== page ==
Stories of <i>Becoming</i> in the Field
Teachers are increasingly challenged by dilemmas of practice as they negotiate their commitments to equity for students from historically marginalized communities, including students with disabilities, against the demands of their school settings. This book seeks to understand the ways in which teachers’ engagements with their schooling contexts evoke varied forms of inclusive practice. It narrates the experiences of seven novice teachers who entered the field deeply committed to inclusive practice. It documents their conflicts, joys and struggles within the collectivities in which they were embedded. In doing thus, the book discloses the many unpredictable trajectories of practice that encompass the complex work of teaching for inclusion.
Chapter One A Male Teacher of Color: Filling the Void with Taiyo Ebato
A Male Teacher of Color: Filling the Void
With Taiyo Ebato
“I really need justice, social justice in my mind, in my mindset, in order to go to work every day … as the [Special Education] teacher, as the one writing the IEPs1, as the one differentiating curriculum. That’s constantly what I’m trying to do -- ask the students and families, and [for] the parent’s voice and the student’s voice.”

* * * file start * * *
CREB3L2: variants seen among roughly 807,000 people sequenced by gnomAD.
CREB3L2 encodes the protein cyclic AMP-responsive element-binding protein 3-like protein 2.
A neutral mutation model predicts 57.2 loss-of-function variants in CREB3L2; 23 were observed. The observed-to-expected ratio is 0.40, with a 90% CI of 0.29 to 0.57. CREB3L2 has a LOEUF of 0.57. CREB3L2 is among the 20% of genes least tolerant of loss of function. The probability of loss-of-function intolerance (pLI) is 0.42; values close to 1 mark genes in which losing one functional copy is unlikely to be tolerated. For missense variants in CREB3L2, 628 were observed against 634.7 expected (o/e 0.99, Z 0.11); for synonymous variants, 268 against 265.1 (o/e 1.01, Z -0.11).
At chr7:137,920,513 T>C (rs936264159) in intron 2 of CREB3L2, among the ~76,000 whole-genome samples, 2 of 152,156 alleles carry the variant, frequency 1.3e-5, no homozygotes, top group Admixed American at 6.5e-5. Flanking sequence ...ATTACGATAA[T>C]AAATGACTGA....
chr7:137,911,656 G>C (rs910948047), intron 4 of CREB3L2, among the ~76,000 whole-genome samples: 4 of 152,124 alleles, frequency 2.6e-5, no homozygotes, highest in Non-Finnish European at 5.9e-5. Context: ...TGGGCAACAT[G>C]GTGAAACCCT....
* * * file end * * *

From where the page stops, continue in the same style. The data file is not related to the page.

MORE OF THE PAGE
As a soft-spoken member of his cohort, Taiyo could generally be observed listening carefully to his colleagues, his expressive face moving alongside the remarks of his peers. When he spoke, however, it was clear that his restrained manner belied the intensity of his feelings towards inclusive teaching; his ongoing assessment of his own role and his responsibilities to his students were always readily apparent to us. Due to school-related matters, Taiyo was unable to attend two of the six group meetings, but he participated freely in two hour–long interviews during the course of the year. In the following pages, we sift and rummage through those carefully spoken words to surface some tentative narrative threads about Taiyo that can suggest his orientation to inclusive practice. We want to be cautious in our assertions; like the other teachers in this study, our stories about Taiyo are compiled without observing his practice. Even as his words hint at the complexities and struggles that preoccupied him, we do not want to suggest that our...
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